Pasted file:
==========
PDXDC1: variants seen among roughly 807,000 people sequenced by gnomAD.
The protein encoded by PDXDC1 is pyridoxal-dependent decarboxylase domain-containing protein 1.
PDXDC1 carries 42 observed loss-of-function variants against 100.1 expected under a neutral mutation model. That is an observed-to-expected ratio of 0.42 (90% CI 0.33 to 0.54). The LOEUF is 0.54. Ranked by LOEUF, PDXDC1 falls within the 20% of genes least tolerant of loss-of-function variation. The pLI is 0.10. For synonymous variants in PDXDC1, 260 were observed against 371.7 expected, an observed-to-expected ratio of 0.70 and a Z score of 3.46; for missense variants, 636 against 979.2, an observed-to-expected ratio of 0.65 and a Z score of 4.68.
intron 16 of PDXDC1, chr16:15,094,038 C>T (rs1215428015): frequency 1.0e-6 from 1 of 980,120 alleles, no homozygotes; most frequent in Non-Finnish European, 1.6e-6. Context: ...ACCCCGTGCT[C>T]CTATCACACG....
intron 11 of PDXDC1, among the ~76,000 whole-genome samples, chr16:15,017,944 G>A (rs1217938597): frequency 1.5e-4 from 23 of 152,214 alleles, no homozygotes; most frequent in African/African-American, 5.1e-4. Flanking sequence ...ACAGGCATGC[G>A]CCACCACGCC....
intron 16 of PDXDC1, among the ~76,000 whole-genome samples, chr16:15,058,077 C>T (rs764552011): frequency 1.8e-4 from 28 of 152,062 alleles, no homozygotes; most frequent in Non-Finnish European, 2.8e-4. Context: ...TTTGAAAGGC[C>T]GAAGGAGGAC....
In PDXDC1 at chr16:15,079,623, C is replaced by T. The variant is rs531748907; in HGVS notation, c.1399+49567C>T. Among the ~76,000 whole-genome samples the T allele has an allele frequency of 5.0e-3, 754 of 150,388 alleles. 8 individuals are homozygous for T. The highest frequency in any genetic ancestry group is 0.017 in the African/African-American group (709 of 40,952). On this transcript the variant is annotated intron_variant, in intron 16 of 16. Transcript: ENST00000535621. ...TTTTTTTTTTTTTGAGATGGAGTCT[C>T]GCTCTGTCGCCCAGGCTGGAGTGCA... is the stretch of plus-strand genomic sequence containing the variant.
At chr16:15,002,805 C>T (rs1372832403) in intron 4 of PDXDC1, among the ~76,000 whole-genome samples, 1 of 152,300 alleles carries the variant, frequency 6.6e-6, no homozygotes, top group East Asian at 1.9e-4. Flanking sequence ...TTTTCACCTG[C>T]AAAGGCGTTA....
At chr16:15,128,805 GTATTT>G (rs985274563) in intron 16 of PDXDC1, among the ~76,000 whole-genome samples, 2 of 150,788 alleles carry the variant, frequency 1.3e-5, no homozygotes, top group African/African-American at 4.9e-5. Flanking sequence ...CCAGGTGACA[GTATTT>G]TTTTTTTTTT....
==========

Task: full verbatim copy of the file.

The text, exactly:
PDXDC1: variants seen among roughly 807,000 people sequenced by gnomAD.
The protein encoded by PDXDC1 is pyridoxal-dependent decarboxylase domain-containing protein 1.
PDXDC1 carries 42 observed loss-of-function variants against 100.1 expected under a neutral mutation model. That is an observed-to-expected ratio of 0.42 (90% CI 0.33 to 0.54). The LOEUF is 0.54. Ranked by LOEUF, PDXDC1 falls within the 20% of genes least tolerant of loss-of-function variation. The pLI is 0.10. For synonymous variants in PDXDC1, 260 were observed against 371.7 expected, an observed-to-expected ratio of 0.70 and a Z score of 3.46; for missense variants, 636 against 979.2, an observed-to-expected ratio of 0.65 and a Z score of 4.68.
intron 16 of PDXDC1, chr16:15,094,038 C>T (rs1215428015): frequency 1.0e-6 from 1 of 980,120 alleles, no homozygotes; most frequent in Non-Finnish European, 1.6e-6. Context: ...ACCCCGTGCT[C>T]CTATCACACG....
intron 11 of PDXDC1, among the ~76,000 whole-genome samples, chr16:15,017,944 G>A (rs1217938597): frequency 1.5e-4 from 23 of 152,214 alleles, no homozygotes; most frequent in African/African-American, 5.1e-4. Flanking sequence ...ACAGGCATGC[G>A]CCACCACGCC....
intron 16 of PDXDC1, among the ~76,000 whole-genome samples, chr16:15,058,077 C>T (rs764552011): frequency 1.8e-4 from 28 of 152,062 alleles, no homozygotes; most frequent in Non-Finnish European, 2.8e-4. Context: ...TTTGAAAGGC[C>T]GAAGGAGGAC....
In PDXDC1 at chr16:15,079,623, C is replaced by T. The variant is rs531748907; in HGVS notation, c.1399+49567C>T. Among the ~76,000 whole-genome samples the T allele has an allele frequency of 5.0e-3, 754 of 150,388 alleles. 8 individuals are homozygous for T. The highest frequency in any genetic ancestry group is 0.017 in the African/African-American group (709 of 40,952). On this transcript the variant is annotated intron_variant, in intron 16 of 16. Transcript: ENST00000535621. ...TTTTTTTTTTTTTGAGATGGAGTCT[C>T]GCTCTGTCGCCCAGGCTGGAGTGCA... is the stretch of plus-strand genomic sequence containing the variant.
At chr16:15,002,805 C>T (rs1372832403) in intron 4 of PDXDC1, among the ~76,000 whole-genome samples, 1 of 152,300 alleles carries the variant, frequency 6.6e-6, no homozygotes, top group East Asian at 1.9e-4. Flanking sequence ...TTTTCACCTG[C>T]AAAGGCGTTA....
At chr16:15,128,805 GTATTT>G (rs985274563) in intron 16 of PDXDC1, among the ~76,000 whole-genome samples, 2 of 150,788 alleles carry the variant, frequency 1.3e-5, no homozygotes, top group African/African-American at 4.9e-5. Flanking sequence ...CCAGGTGACA[GTATTT>G]TTTTTTTTTT....